Dell gets on the environmental bandwagon
Michael Dell and his company will now recycle your computer hardware for free -- even if you're not buying anything new from Dell.
NEW YORK (Fortune) -- There was a time when Michael Dell thought consumers didn't care about recycling. That, at least, is what he told shareholder and environmental activists when first they asked him why Dell (the company) would not take back computers that its customers didn't want anymore.
It didn't take long for him to change his mind. In 2003, under pressure from the greens, the PC maker held a five-city recycling tour, asking people to bring in their old computers. That they did - on a spring Saturday in Denver, so many people (about 2,000) brought so many old computers (about 200 tons in all) to the parking lot of Mile High Stadium that Dell (Charts) employees worked overtime to load them onto trucks. "We had people there all night," says one. The company immediately added 10 more dates to its recycling tour.
"Maybe the issue should have been on our radar screen well before then but, for whatever reason, it wasn't," Dell told Fortune in a recent interview.
Better late than never: Once Dell the CEO and Dell the company tackled the issue of recycling, they began to pursue a green strategy with the fervor of converts.
Dell is now the only computer maker to offer consumers free recycling, whether or not they are buying a new Dell product. You can go to a Dell website, and print out a prepaid shipping label to return your Dell desktop, laptop, printer or ink cartridge, free of charge. They'll send a service to pick the equipment up.
"In terms of producer takeback, they have the best policy of any global electronics company, period," says Robin Schneider, of the Texas Campaign for the Environment. "They went from being a laggard to being a leader." Schneider once organized protests against Dell because the company briefly used prison labor to recycle its hardware.
What turned the company around? Michael Dell cites several factors - consumer demand, the threat of regulation and the recognition that electronic waste, or e-waste, is a significant problem.
"If we sell 40 million computers a year, and the industry is going to sell 200 million computers a year, at some point they are going to come out of circulation," he says. "Where do they all go? I want to be in a position where we are doing the right thing."
Four states have passed e-waste laws, and bills are pending in another 22 states, so Dell and other computer makers want to get ahead of the issue. "If a regulator ever does show up," Dell says, "we want him to say, hey, you guys are doing the right thing, thank you very much, see you later."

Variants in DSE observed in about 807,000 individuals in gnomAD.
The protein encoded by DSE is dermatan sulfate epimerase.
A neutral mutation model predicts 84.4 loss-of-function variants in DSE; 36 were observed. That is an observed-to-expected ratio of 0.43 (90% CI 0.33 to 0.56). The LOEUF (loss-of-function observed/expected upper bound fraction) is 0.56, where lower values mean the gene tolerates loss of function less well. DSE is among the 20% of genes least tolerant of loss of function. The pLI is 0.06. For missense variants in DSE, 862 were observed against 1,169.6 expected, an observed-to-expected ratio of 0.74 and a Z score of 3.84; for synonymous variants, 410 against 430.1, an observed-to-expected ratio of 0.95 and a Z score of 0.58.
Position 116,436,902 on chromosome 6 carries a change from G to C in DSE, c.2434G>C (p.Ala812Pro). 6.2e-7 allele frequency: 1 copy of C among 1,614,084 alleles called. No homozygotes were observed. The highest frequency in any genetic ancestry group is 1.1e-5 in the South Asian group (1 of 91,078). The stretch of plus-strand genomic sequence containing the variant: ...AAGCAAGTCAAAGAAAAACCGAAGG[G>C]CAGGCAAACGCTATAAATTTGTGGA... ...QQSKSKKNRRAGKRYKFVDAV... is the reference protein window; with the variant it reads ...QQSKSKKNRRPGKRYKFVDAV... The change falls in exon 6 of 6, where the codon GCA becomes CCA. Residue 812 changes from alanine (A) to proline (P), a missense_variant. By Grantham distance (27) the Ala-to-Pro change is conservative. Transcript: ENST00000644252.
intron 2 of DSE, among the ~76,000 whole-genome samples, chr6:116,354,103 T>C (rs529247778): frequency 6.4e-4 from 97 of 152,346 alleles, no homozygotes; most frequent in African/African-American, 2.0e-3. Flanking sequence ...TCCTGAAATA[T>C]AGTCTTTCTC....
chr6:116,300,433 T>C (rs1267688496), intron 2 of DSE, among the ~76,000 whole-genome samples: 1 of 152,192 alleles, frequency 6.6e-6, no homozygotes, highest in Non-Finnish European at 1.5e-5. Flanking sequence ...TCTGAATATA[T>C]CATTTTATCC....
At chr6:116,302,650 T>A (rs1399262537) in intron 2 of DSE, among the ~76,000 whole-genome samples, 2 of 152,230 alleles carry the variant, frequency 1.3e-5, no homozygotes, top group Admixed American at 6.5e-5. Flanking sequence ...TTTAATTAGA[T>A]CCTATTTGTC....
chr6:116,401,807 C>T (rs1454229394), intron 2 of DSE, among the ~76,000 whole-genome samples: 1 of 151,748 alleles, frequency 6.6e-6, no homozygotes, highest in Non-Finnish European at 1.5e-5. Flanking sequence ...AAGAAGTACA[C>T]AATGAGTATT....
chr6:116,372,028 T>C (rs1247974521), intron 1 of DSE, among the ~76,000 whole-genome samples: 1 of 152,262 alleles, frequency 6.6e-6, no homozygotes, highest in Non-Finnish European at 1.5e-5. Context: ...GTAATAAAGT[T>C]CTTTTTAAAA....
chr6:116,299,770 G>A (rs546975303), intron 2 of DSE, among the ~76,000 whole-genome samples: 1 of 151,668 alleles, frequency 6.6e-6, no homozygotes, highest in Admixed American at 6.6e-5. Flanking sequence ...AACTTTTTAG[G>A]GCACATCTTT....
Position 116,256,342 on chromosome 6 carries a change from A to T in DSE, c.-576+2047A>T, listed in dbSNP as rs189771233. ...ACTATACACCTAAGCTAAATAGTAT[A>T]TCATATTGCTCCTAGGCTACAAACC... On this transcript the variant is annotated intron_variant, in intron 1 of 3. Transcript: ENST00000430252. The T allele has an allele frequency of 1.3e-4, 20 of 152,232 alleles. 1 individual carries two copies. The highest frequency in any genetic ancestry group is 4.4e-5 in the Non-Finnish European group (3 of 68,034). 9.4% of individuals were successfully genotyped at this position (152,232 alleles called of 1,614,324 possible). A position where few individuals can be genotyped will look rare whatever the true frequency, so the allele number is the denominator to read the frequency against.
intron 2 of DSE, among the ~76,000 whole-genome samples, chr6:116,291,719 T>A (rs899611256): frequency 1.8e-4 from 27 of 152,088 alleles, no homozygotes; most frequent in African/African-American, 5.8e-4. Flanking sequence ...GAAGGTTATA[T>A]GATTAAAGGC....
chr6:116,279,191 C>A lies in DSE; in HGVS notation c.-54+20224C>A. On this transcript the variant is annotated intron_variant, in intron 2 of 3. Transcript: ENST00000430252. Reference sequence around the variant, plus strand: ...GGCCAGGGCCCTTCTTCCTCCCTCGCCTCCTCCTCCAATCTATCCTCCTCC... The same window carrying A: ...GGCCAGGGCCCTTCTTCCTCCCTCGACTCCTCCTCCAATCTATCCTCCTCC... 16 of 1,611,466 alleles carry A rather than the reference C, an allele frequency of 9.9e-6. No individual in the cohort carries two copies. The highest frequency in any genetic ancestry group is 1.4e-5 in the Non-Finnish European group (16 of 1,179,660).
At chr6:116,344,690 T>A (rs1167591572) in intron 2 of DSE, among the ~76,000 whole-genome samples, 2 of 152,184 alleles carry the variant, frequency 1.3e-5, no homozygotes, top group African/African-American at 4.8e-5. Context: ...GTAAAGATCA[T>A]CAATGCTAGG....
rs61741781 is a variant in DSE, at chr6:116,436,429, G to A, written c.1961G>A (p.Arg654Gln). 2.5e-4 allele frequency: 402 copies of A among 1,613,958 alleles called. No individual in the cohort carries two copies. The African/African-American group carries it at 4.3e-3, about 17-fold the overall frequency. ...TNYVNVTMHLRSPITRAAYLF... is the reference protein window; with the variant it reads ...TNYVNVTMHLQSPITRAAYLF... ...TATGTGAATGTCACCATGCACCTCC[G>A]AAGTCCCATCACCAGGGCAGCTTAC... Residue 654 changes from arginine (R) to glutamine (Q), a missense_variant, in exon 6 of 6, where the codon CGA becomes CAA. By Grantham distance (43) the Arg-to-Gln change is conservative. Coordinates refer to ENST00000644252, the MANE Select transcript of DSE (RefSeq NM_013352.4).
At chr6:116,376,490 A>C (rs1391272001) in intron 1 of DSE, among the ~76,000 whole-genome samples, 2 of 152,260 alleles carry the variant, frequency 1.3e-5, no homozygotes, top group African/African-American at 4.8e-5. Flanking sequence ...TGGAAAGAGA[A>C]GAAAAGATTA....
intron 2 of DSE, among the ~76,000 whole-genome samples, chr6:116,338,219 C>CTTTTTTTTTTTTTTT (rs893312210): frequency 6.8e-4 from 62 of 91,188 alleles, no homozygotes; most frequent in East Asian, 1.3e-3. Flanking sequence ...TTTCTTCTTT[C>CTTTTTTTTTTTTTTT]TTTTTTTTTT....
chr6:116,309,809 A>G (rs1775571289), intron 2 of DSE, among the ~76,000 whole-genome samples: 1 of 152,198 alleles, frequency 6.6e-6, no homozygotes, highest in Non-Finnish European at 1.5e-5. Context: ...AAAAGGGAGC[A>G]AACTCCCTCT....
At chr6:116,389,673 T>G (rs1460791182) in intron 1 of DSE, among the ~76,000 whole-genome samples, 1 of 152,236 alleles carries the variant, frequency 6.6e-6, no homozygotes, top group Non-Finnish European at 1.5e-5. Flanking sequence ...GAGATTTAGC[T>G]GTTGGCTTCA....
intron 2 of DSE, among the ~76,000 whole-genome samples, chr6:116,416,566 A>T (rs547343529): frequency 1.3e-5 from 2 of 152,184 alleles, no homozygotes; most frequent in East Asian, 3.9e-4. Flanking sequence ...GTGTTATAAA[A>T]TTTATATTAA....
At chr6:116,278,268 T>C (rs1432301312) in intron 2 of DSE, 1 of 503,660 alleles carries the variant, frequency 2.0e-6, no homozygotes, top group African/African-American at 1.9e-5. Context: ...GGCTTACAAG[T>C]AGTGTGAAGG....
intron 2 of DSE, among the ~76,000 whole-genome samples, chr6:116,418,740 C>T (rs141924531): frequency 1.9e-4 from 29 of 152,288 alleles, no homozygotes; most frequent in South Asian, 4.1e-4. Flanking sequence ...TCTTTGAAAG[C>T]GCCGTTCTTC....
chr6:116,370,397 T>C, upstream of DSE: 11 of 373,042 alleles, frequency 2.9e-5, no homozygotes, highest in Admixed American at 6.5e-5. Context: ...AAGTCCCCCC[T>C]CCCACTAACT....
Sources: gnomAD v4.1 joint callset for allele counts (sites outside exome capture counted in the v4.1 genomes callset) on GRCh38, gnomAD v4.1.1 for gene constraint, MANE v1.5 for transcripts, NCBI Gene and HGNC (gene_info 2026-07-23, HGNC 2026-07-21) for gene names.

When Dell gets computers back, those that can be refurbished (mostly from businesses) are donated to the National Cristina Foundation, which places them with nonprofit groups. The company also has a partnership with Goodwill Industries; many of its stores will take back computers and sort through them, creating jobs and revenue for the organization. Other electronics are sent to recyclers monitored by Dell. Nothing winds up in a landfill, the company says.
Those who know him say Michael Dell has developed a strong personal interest in the environment. He chairs a sustainability group inside the company that meets every six weeks or so, frequently prodding his people to do more. Tod Arbogast, director of sustainable business for Dell, says with a laugh: "I'm uniquely advantaged within my industry. Michael really does add passion and enthusiasm."
As a result, the company's digging into all things green. Dell is redesigning its computers so that they use less energy; its website includes energy calculators so buyers will know how much electricity some of its products will use. The firm is aggressively cutting energy use (and greenhouse gas emissions) in its own operations. Its marketing publications now use an average of 50 percent recycled content paper, winning praise from the tough-minded activist group Forest Ethics.
Two months ago, Dell announced a program called "Plant a Tree for Me" that invites its customers to offset the greenhouse gas emissions caused by the electricity used by their computers; they can add $2 to the price of a laptop or $6 to a desktop, which Dell then sends to conservation groups that offset carbon emissions by planting trees.
Insiders tell Fortune that Dell has a bigger climate change project in the works - we'd guess that the company may try to go carbon neutral - but its PR people declined to provide details.
Kate Krebs, executive director of the National Recycling Coalition, who has worked with Dell since 2003, gives a lot of the credit to the CEO. "His commitment is a big reason why all this happened, and I honestly believe it's in his heart and soul," she says.
Michael Dell told me that he is putting his personal money behind green technology, too, as an investor in alternative energy. He declined to be more specific.
When I asked Dell what had sparked his passion for the planet, he was vague at first. He talked about living in Austin (which is more like Madison or Berkeley than the rest of the Lone Star State) and said some friends were involved in environmental causes. Then he mentioned his four children.
"I've got a 15-year-old daughter, and she cares about these issues," he said. "And if she cares about these issues, I care about these issues."